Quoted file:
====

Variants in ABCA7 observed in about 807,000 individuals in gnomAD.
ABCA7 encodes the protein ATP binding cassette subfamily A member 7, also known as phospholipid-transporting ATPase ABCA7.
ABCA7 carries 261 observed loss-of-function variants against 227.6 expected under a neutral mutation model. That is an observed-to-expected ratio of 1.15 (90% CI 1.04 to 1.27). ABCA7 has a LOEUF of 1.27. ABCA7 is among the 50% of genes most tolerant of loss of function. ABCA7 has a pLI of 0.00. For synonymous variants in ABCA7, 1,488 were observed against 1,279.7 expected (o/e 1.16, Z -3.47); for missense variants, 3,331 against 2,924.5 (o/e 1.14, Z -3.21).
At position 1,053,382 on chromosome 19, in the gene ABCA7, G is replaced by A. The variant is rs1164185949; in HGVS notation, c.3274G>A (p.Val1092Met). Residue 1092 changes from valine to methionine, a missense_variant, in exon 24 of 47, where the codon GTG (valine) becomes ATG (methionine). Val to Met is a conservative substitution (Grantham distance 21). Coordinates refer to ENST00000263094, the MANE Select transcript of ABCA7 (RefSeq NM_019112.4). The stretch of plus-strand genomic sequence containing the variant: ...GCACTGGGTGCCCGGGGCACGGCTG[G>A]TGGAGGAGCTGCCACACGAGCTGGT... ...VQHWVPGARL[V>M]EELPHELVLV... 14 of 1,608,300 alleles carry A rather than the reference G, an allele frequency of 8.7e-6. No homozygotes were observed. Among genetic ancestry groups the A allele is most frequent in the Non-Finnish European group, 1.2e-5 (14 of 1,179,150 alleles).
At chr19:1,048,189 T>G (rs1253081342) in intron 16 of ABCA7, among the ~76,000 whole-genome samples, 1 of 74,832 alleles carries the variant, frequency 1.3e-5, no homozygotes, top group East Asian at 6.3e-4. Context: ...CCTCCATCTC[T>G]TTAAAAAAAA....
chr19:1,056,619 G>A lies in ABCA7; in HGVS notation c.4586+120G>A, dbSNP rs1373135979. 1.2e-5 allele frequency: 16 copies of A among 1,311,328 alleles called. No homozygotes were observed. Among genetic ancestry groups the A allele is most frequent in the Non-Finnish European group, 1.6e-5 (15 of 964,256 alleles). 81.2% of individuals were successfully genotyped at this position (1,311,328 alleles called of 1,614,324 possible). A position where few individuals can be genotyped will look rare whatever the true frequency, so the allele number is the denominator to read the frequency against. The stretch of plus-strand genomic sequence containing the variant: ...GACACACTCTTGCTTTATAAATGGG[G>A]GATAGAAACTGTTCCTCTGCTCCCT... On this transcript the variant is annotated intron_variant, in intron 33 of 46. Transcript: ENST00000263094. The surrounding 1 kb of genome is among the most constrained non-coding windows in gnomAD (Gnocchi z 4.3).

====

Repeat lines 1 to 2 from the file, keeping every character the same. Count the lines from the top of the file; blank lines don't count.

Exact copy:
Variants in ABCA7 observed in about 807,000 individuals in gnomAD.
ABCA7 encodes the protein ATP binding cassette subfamily A member 7, also known as phospholipid-transporting ATPase ABCA7.